Ruby’s gas gauge stays at the top of full for a long time and then begins a quick slide down until it reaches the bottom where it stays for the last 30 miles. Now, I thought it was truly empty. No worries, that’s why I am carrying two extra gallons, annoying high tech nozzle or not.

So off came the gear, out came the new gas, it certainly looked empty, I filled her up, and she wouldn’t start. Turning over, but not firing. It’s a delicate moment, you must re-prime the carburetor, but not flood the cylinder. I thought I smelled gas, so I now assumed I was flooding the spark plug. Okay, I’m a champ at pulling the plug now. It involves taking two side bolts out to get access. A minute later with only minor burning of my fingers, a hot dry plug stares back at me. I wipe it clean, turn the engine to pump out any excess moisture, and replace the plug. Still no start.

Phase three: (phase one is praying, phase two is pulling the plug) I remove the seat from the frame to access the engine. I’m getting good and quick at this too. I look at the fuel line. Both of them. I have no idea why there are two. One has the world’s smallest fuel filter, about the size of a hornet, a yellow jacket, and I wonder if the engine is getting gas. I disconnect the line near the carburetor. I turn the engine. There is fuel on my fingers. Okay, it’s getting gas.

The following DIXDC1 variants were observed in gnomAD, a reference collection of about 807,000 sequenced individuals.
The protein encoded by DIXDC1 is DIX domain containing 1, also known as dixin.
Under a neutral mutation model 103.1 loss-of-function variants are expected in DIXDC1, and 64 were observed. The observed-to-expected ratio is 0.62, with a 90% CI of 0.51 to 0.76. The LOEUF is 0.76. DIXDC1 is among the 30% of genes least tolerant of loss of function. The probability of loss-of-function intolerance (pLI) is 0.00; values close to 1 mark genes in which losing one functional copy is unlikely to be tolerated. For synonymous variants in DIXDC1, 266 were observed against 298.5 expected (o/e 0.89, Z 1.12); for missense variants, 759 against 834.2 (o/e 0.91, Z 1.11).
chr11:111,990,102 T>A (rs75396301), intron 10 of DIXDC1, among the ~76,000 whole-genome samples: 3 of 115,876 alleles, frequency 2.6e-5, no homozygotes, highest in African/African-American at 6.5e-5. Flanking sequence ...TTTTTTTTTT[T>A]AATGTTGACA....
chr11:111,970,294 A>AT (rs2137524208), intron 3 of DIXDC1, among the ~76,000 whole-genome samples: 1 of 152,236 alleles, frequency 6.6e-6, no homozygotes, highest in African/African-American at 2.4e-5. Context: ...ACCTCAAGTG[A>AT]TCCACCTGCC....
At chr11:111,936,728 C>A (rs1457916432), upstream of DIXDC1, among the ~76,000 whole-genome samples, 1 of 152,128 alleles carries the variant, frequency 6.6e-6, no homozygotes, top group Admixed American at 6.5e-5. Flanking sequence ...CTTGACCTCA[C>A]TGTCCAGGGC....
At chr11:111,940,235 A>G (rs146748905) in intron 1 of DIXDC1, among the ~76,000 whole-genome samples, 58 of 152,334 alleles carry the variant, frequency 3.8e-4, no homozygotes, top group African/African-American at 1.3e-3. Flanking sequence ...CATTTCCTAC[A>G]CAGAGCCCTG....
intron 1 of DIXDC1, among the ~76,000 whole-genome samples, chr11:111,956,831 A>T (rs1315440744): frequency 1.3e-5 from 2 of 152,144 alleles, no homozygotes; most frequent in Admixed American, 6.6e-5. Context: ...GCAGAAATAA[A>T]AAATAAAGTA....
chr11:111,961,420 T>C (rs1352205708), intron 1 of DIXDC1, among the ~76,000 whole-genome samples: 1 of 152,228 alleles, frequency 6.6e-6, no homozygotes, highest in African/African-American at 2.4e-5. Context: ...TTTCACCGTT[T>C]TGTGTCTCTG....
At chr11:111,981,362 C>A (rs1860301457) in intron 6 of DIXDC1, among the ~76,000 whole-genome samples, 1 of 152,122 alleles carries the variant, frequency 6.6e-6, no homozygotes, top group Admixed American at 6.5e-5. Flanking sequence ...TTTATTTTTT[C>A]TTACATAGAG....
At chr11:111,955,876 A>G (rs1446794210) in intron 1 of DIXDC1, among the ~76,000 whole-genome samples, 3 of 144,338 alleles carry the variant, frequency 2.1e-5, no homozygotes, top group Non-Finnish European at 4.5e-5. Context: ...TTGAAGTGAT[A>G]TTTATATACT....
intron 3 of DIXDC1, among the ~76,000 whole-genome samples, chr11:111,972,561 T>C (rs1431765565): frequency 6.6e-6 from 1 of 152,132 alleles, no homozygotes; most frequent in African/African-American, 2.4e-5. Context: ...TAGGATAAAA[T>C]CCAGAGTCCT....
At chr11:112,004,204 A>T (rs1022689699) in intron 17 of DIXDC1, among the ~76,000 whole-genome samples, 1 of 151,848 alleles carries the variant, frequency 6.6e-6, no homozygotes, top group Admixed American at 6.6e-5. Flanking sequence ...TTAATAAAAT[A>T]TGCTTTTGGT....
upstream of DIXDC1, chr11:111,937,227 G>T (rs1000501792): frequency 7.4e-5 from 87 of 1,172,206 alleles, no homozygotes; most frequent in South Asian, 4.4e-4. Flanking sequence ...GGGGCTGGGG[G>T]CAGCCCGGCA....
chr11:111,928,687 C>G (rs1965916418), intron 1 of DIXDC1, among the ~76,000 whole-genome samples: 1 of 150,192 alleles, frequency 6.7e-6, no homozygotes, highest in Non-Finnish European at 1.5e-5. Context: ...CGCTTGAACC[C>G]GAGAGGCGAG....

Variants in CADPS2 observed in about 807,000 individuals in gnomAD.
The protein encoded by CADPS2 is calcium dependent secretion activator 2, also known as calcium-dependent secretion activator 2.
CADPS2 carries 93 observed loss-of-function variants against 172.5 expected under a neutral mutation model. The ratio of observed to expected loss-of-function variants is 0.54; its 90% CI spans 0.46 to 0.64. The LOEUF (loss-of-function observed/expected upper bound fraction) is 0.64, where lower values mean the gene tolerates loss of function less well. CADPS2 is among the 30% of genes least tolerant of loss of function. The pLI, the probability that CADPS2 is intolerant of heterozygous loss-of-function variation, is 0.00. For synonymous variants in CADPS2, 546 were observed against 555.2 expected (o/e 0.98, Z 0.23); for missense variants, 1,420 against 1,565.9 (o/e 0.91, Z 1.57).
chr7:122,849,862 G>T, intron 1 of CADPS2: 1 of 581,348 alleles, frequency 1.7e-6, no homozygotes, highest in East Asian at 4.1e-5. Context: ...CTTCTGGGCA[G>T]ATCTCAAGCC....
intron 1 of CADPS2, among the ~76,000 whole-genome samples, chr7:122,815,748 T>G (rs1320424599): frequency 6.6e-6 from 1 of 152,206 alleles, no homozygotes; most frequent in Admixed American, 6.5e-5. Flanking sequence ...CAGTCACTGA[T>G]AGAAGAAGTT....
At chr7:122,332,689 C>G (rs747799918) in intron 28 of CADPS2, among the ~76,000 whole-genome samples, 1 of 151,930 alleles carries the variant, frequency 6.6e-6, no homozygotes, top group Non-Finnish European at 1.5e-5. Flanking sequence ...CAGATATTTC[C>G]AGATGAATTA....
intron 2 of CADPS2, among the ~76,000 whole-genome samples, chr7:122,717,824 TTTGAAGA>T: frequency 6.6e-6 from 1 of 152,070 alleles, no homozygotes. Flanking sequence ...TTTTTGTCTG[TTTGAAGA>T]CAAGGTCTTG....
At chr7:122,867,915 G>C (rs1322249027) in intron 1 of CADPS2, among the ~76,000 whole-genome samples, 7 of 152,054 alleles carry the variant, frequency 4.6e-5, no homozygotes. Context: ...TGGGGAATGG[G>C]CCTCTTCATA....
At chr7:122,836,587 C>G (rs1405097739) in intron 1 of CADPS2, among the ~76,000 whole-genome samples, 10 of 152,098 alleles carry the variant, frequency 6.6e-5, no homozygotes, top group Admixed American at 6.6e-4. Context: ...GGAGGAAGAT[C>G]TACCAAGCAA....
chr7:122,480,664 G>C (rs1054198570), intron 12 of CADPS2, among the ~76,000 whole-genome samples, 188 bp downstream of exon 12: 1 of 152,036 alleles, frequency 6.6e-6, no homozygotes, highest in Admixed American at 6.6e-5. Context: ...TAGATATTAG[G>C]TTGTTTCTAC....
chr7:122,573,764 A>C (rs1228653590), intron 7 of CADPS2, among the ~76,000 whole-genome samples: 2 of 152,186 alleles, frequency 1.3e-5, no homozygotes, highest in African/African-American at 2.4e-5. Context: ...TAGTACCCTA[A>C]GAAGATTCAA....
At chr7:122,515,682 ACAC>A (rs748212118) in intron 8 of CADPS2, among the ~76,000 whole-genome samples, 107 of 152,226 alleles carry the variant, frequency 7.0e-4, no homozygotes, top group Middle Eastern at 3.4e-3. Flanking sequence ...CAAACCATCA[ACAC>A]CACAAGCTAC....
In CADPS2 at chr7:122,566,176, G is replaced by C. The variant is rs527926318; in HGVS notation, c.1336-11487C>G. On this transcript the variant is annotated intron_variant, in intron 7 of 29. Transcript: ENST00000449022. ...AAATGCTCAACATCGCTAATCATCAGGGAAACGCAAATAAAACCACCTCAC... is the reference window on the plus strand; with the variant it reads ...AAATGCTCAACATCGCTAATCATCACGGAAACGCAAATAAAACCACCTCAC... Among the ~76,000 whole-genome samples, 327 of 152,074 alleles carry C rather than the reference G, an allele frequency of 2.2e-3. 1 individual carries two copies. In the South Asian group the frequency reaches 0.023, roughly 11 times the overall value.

Now I fiddle with every electrical line I can. This has worked before, but with no discernible pattern as to what is not making a connection. I try the engine. It starts. I turn it off. I try again. It starts. I dance little jig. Why not? I was successful and I’m in a parking lot of a town where no one knows me.

I reassemble the seat. I try the engine again. It does not start. No jig, but no scowling or cursing either. I take the seat back off. Again I trace some electrical lines. Specifically the one from the spark plug back to a rubber canister with two connectors in it. They are firm. Then on upward to a plastic connector which seems to be seated well. One end of this connector runs up to the safety on/off switch next to the seat.

Now here’s the thing. In Ruby, the interior lever for this safety switch is missing. Someone gerry-rigged it open with a plastic fastener. I know from experience that taking that lever off and putting it back on is a bothersome chore. However, if the lever is missing and the part it connects to is facing the wrong direction, the bike will never start. I turned the little connecting piece and tried the engine, It started right up. Was this the problem? The little missing lever was not there to hold the cable in place and over time it slipped enough to stop the engine. Sounds rational.

But then I thought about the wire I traced there in the first place. It was electrical, not mechanical. Did the lever do two tasks one mechanical and the other electrical, creating a connection that says to the engine, “It’s okay, go ahead and start”? The side kickstand has just such an electrical connection. It finally dawned on me that this switch did too. It was vibrating loose. I tightened it with my fingers. The engine started.

Here was a moment of learning. This is what adventures are about.

I drove the Parkway for the last leg of the day’s journey. I knew I would make the campground with time to spare. I did and as I said earlier, I got the very last space.